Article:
Category Archives: finanças

Sustainable economy and lifestyle

The phrase is difficult, but everyone’s talking about the concept of sustainable economy: to preserve is to take care of something. You might want to preserve your kids from frenetic scrolling. Maybe you think they’re supposed to play board games. From a different perspective, sometimes you find yourself in the supermarket. You don’t have children, so you observe this little guy asking for chocolate. The mother explains: “no, we’re taking your cereal, which already has chocolate in it, so that’s it.” And of course we all love chocolate. But will everyone start going to Google to see who the main producers are? Maybe someone wants to find the place of manufacture and investigate working conditions. That’s what they did with Mondeléz.

For a company who has around 29 billion dollars in revenue every year, the stakes are high; but besides the African story linked above, they’ve suffered a loss with the Ukrainian conflict. It seems they have plenty to worry about: reports of working conditions have led to unionizing in the US, and the response from the company was to fire the organizer — which was reported by Reuters as illegal. Just when you thought you knew enough about cookies. I don’t know about you, but I think 30B is a lot of money for snacks.

Mondeléz is most famous in Brazil as the maker of cookies like Trakinas.

The mother in the supermarket wouldn’t teach her son or daughter about the economy, but maybe later in school, they’d have to look at sustainability in the environment. They’d have to analyze a global picture, and maybe names like Greta Thunberg would come up in the debate. A social media icon with appearances on television and many events devoted to climate change debate, she’s gained popularity — and so has the cause. A sustainable economy, however, will drive the conversation back to how dependent we are on fossil fuel.

You can pick any topic: crypto, fintech, phone manufacturing, programming languages, remote learning, dating apps, AI. All of these things seem very up-to-date, but maybe they don’t reflect our reality. Brazilians need to learn how to discuss a new economy. First, it seems logical, they would need to learn about the global economy; then, look at strengths and weaknesses, and follow their passion. That can be a beautiful story, and maybe that’s how Facebook came to life, with Eduardo Saverin as co-founder.

It seems we need to be looking at the future with less distractions and a more sharp focus. Even if that means a drop in our quality of life, we’re going for bigger issues. People talk about freedom of speech, but look at what these kids in Ghana do for a living. Shouldn’t it concern us, as human beings who love comfort and safety? We can talk about sustainable economy, sure. But if economic models include exploitative conditions, we should prepare for a fight. And a lot of people are looking at tech this way.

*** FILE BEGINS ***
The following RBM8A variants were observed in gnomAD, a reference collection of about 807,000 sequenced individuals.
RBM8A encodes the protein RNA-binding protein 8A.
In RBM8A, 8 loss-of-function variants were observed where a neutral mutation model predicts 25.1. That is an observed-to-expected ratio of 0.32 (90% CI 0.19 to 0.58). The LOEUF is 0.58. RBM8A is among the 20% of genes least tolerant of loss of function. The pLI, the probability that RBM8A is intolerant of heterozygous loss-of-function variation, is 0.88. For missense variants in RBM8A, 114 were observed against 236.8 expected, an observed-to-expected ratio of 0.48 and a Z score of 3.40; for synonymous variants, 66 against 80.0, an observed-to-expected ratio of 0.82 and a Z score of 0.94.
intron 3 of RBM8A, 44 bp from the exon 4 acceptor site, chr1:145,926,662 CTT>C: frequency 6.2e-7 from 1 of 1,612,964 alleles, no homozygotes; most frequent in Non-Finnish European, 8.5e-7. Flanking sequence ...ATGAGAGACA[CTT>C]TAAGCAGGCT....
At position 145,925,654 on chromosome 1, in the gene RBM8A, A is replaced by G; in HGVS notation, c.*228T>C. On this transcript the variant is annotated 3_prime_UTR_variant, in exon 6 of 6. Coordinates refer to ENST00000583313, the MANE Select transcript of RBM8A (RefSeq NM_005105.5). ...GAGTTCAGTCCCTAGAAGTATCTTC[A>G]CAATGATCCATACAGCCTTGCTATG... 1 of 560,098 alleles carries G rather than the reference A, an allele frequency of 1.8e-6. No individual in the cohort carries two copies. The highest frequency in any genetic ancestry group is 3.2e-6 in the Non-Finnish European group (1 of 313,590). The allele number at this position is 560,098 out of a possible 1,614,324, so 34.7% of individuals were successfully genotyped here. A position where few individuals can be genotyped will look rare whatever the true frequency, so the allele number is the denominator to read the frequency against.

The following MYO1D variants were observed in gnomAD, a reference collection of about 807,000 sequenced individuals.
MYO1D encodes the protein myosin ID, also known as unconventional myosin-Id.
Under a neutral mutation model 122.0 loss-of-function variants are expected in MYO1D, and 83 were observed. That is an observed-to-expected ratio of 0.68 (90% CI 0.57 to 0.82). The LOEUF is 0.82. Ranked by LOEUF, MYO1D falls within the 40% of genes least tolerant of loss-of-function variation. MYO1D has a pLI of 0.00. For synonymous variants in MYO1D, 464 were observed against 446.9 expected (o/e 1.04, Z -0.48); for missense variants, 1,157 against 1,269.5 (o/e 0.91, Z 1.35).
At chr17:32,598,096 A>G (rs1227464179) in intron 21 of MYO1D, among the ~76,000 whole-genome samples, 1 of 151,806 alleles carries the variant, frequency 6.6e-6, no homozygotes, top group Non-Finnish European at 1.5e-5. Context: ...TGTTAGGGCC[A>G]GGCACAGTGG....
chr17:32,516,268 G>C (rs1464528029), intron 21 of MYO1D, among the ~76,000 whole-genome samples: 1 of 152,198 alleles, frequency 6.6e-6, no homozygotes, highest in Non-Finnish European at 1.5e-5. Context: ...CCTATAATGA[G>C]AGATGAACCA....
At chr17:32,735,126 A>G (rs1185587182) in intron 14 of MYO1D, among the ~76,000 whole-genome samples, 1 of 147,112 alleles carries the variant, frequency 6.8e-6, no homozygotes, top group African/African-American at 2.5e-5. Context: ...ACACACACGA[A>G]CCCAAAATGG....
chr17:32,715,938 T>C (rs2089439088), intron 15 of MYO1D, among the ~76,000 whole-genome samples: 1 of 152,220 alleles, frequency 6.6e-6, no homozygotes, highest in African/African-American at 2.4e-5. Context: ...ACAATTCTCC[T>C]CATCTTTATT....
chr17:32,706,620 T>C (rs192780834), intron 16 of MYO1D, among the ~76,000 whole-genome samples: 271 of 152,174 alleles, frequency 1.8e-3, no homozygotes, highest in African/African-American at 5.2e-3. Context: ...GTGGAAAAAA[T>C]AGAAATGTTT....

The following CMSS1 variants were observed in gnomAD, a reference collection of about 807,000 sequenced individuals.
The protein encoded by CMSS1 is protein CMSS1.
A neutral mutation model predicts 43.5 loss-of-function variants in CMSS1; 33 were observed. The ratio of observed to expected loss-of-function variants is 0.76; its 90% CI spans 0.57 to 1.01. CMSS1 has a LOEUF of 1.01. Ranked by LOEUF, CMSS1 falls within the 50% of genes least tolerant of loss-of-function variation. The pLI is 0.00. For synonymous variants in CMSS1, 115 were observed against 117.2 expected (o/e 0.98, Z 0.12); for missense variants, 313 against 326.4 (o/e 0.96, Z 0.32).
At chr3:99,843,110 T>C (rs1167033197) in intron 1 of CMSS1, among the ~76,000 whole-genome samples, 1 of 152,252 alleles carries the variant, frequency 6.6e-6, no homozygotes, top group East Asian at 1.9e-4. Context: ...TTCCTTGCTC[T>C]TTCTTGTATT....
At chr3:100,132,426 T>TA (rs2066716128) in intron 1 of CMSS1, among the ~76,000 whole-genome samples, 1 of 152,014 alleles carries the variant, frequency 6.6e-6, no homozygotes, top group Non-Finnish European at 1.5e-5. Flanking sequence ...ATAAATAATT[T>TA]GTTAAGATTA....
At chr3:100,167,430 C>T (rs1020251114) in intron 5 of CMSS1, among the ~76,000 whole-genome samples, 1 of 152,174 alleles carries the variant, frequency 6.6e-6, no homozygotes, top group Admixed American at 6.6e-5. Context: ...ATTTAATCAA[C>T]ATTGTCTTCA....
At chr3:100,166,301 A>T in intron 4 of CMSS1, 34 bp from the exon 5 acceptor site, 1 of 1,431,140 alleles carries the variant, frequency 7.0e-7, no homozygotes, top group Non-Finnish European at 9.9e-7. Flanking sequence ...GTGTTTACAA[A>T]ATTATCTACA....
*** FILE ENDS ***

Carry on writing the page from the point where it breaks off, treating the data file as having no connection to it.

But it’s not just the tech. This blog has talked about the frustrations of being an English teacher in a country where 5% are fluent. If Brazil wants to present solutions to the world, it’s not just a biodiversity question, or solar energy; in terms of culture, the language alone plays an immense role. Our music, literature and urban language have peculiar characteristics that people need to know about. And so everyone thinks about tourism. I’d love to talk about my latest trip to cities nobody’s heard about, like Brno in the Czech Republic, Wrexham in Wales, Lelystad in the Netherlands or Bethel Park in the United States. I can’t. Can you guess why? Because my lifestyle is not sustainable.

Maybe we should think about what’s compatible, instead of sustainable. The lemonade thing. Squeeze me and I’ll say good things about my country. I do have an interest in finance, but not to the point where I can’t miss a fresh analysis of whatever the basis points mean. The idea of investment is more related to my time than my money, for very obvious reasons. And so we should all normalize that: stop thinking everything’s a big deal. In the end, you got bills to pay, and you feel a certain way.

But when we’re thinking about the context of work, I’ll give you my version: I’m currently not on Facebook. I do use Instagram, and also WhatsApp; just not the blue thing where my family posts regularly. I’ve decided not to participate in the family group on WhatsApp — I thought that was the ultimate, most blatant invasion of my privacy. And so I’m looking for alternatives. When there’s nothing else to eat but chicken, I like to make some risotto with vegetables I can find. I always put too much salt, and feel like a useless human being. Then I remember I can just buy some cookies.

The problem is that I buy cookies with change. I’m unemployed right now, just posting blogs because I want to reach people — so badly. But my reality is: this company makes 30 billion dollars selling cookies. I collect coins to buy a pack, the cheapest one, for 2 real. Not two billion, obviously, not two million, not two thousand. 2 real. Cents that circulate among beggars in the street, addicts and so on. Just to remind you, 30 billion dollars is 150 billion real as of December 2022. And isn’t it crazy how these numbers are always changing?